“Africa’s wild fauna and flora is seriously affected and depleted by the increase in poaching and illegal trade. It is good to note and experience the unanimous and firm commitment demonstrated today by African leaders to stop this trend, which is also a serious impediment to development in the region,” said Roland Melisch, TRAFFIC’s Senior Director for Africa and Europe…



For more Information, please check: HERE


Go back


Resources and follow-up from the virtual FAO-EcoAgriculture Partners Roundtable

Last April 30th FAO and EcoAgriculture Partners organized a virtual Roundtable on Territorial Perspectives for Development, in which over 170 people participated.

Read more …

ATIBT -CBFP: Private Sector mobilized around the CBFP Facilitator of the Federal Republic of Germany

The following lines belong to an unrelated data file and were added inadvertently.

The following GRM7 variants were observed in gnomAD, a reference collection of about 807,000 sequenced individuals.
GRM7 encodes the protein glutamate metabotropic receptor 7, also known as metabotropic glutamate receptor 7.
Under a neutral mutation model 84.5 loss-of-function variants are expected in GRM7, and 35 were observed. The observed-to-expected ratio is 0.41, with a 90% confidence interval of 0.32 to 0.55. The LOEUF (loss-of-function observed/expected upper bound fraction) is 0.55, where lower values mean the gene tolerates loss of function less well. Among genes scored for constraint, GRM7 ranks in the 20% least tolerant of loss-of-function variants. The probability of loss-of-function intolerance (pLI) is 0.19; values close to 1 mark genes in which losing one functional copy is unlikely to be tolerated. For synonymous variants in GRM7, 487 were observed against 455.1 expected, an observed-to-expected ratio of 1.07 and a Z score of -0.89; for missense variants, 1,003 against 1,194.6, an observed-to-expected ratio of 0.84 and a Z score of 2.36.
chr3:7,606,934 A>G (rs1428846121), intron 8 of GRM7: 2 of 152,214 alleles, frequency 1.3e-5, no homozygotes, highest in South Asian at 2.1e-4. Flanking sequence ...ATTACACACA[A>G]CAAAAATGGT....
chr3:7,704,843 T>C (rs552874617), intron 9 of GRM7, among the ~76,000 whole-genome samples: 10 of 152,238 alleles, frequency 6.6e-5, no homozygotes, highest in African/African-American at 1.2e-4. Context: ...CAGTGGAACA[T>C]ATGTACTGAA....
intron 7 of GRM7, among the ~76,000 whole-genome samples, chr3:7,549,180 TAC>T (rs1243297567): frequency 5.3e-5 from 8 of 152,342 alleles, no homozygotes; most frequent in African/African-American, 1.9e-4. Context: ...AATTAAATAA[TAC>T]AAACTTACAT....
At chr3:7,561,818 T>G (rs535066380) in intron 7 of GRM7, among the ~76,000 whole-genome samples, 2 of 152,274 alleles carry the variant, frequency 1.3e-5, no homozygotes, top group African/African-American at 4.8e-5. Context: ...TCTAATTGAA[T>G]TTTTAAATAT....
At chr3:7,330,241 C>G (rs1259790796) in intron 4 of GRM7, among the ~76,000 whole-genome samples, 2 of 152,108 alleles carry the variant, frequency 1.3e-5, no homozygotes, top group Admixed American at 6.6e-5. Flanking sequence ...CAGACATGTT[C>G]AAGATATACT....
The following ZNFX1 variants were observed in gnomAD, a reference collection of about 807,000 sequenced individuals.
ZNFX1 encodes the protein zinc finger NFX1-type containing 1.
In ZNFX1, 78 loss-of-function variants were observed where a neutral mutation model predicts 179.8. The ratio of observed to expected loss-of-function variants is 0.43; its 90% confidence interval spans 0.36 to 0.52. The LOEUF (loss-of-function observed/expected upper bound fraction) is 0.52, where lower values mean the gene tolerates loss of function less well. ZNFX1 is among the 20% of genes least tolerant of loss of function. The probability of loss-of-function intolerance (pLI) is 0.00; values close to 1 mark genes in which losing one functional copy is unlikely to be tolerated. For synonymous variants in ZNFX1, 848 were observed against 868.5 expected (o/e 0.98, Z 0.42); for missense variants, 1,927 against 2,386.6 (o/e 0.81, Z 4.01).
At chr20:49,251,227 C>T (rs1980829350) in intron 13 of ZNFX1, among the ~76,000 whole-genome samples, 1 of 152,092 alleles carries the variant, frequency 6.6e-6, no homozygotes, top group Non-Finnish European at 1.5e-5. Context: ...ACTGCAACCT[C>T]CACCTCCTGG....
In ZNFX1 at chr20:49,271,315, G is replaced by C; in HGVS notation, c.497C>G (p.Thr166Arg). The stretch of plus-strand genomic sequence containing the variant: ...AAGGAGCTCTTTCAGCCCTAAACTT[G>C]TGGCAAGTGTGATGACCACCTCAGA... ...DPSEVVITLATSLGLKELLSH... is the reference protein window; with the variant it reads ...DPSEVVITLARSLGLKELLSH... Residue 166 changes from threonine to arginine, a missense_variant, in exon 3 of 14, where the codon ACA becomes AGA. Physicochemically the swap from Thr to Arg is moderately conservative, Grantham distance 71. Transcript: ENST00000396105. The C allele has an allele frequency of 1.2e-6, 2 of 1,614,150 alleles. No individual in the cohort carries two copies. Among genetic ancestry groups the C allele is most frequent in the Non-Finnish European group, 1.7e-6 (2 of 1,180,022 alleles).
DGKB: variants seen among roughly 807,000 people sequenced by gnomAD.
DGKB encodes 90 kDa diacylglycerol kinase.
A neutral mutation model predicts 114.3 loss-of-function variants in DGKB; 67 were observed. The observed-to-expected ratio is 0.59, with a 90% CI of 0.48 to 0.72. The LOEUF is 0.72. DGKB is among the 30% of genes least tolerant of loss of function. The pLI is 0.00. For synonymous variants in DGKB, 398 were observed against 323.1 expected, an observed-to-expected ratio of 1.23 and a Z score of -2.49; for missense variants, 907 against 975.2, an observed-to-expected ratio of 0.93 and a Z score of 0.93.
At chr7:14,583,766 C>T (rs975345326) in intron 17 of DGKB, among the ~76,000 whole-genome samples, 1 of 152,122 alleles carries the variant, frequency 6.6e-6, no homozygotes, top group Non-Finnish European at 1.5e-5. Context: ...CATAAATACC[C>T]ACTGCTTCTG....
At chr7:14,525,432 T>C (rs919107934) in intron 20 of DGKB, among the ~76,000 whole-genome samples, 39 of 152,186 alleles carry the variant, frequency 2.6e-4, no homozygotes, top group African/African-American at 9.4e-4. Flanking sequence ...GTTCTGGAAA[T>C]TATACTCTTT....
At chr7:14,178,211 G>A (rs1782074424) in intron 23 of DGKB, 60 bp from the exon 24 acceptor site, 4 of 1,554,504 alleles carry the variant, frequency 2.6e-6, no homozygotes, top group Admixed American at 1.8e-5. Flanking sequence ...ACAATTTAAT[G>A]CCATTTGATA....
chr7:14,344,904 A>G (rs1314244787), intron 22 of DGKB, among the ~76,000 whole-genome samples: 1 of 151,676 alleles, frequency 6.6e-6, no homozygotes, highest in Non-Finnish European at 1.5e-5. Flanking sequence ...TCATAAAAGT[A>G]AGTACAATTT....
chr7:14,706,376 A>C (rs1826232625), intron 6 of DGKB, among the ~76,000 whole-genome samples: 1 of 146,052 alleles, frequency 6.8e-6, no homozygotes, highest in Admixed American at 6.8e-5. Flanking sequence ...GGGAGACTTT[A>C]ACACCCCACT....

ATIBT co-facilitated the mobilization of the private sector of the timber sector to participate in the first meeting of the private sector college of Congo Basin Forest Partnership with the new facilitator Dr Christian Ruck and his team German Facilitation.

Read more …

Development and institutionalization of a PAFC certification system for the Congo basin: opening of the second public consultation on Sustainable Forest Management Certification Standard, 23 May 2020 - 22 June 2020

This second public consultation will be open for a period of 30 days from tomorrow Saturday the 23rd of May 2020 and will be closed on Monday the 22nd of June 2020. The public consultation is open to all stakeholders of forest management in the Congo Basin interested in participating to the PAFC Congo Basin certification standards development process.

Read more …

Forest defenders on the COVID-19 frontline stand ready to assist the global EU response – Fern